Research Seminar – 11 November 2014 : Application of advanced structures in localised delivery of chemotherapy to
Pancreatic Cancer: Proof of Concept
Presenters: Dr Mori Aghmesheh, A/Prof Simon Moulton, Dr Kara Perrow
The overall aim of this project is to develop and test novel, implantable three-dimensional (3D) drug-loaded polymeric nanofibers for the treatment of pancreatic cancer. This project will, through exploration and discovery of the appropriate material combinations, optimise drug release properties (kinetics) to be effective against pancreatic cancer cell lines in vitro. This is a timely and significant project considering medicinal nanotechnology (i.e. the integration of nanomaterials into therapeutics) is a newly emerging field and has already revolutionised the treatment of cancer. For example, nanocarriers synthesised from organic and inorganic materials (e.g. micelles, carbon nanotubes, dendrimers, quantum dots and nanofibers) have shown great potential by enhancing the performance of medicines and reducing systemic side effects in order to gain therapeutic efficiency. In particular, electrospun nanofibers (fibers with diameters less than 1 micrometer that are formed using the spinning process have the potential to be used as antitumour drug carriers because the delivery of the drugs can be easily set to the targeted area, and the drug release profile from the nanofibers can be highly controlled by modulating the fiber morphology, porosity and composition. They offer great potential as novel scaffolds to deliver drugs with sustained release profiles and ultimately long-term antitumour activity for anticancer therapy. This is the first time the electrospinning process will be used to load the anticancer drug Abraxane and Gemcitabine into biocompatible polymeric nanofibers with the view to form implantable structures for the treatment of pancreatic cancer.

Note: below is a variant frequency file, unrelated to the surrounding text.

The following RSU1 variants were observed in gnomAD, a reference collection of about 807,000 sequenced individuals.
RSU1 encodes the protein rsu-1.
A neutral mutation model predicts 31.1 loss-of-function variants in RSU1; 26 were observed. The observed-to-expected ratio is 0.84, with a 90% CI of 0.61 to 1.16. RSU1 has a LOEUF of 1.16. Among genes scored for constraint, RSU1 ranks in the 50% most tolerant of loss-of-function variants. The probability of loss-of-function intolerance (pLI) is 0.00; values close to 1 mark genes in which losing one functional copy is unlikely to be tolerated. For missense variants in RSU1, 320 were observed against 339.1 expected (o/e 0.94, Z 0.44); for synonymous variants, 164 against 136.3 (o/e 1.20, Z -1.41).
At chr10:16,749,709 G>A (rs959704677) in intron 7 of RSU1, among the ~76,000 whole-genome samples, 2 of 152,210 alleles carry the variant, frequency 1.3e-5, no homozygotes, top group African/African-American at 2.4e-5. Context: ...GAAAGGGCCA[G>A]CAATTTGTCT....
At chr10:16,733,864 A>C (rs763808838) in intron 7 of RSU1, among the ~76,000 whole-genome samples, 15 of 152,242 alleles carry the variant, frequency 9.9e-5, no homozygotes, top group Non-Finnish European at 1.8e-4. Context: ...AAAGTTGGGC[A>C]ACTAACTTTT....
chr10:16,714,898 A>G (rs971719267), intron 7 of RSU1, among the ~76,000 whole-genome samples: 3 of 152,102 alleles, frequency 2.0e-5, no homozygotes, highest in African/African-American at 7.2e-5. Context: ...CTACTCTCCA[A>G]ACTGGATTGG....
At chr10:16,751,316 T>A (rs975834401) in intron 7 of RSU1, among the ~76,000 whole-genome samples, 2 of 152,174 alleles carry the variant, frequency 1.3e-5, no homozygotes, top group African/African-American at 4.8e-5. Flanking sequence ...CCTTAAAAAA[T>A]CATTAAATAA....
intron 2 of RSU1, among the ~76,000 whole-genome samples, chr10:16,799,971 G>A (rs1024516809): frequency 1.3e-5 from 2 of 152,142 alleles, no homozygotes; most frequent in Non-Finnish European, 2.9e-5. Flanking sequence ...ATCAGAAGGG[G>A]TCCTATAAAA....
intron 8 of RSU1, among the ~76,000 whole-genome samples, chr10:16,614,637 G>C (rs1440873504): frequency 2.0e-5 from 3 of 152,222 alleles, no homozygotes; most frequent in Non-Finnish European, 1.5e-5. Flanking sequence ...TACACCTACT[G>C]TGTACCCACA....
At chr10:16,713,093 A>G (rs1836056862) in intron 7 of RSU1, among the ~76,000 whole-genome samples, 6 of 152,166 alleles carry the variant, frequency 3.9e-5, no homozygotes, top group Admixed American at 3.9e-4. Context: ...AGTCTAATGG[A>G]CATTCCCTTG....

The innovative aspect of this project is the fabrication of 3D Abraxane loaded polymer nanofibers that can be i) used to coat biliary stent when the cancer is located in the head of the pancreas or alternatively ii) surgically implanted directly at the site of the primary pancreatic cancer when it is in the body or tail of the pancreas, allowing for localised drug delivery. The ability to administer an anticancer drug directly at the site of the tumour holds great promise in avoiding many of the undesirable whole body effects normally associated with systemic chemotherapy.
This is anticipated to result in the ability to deliver a higher dose of anticancer drug. In addition, since the drug is delivered directly at the site of the tumour the total amount of drug acting on the tumour remains in the therapeutic range longer, therefore greatly increasing the efficacy of treatment. It is important to note that while the structures to be developed in this project are targeted towards the treatment of pancreatic cancer, the processes developed to form 3D drug loaded polymer nanofibers are applicable to any cancer requiring chemotherapeutic intervention. The project involves a direct collaboration between clinician from cancer services at ISLHD and researchers from two other institutions at two separate facilities; Associate Professor Simon Moulton from IPRI and Dr. Kara Perrow from IHMRI. Outcomes from this proof of concept study will advance our understanding of the use of novel material architectures to deliver anticancer drugs to cancer cells. It is anticipated that these studies will lead to the future development of a safe and effective delivery system designed to combat different type of cancer for which currently there is minimal chance of cure. This technology may also be applied to a broader range of cancers, for example malignant brain tumours, where sustained local release from an implantable delivery system would be an advantage.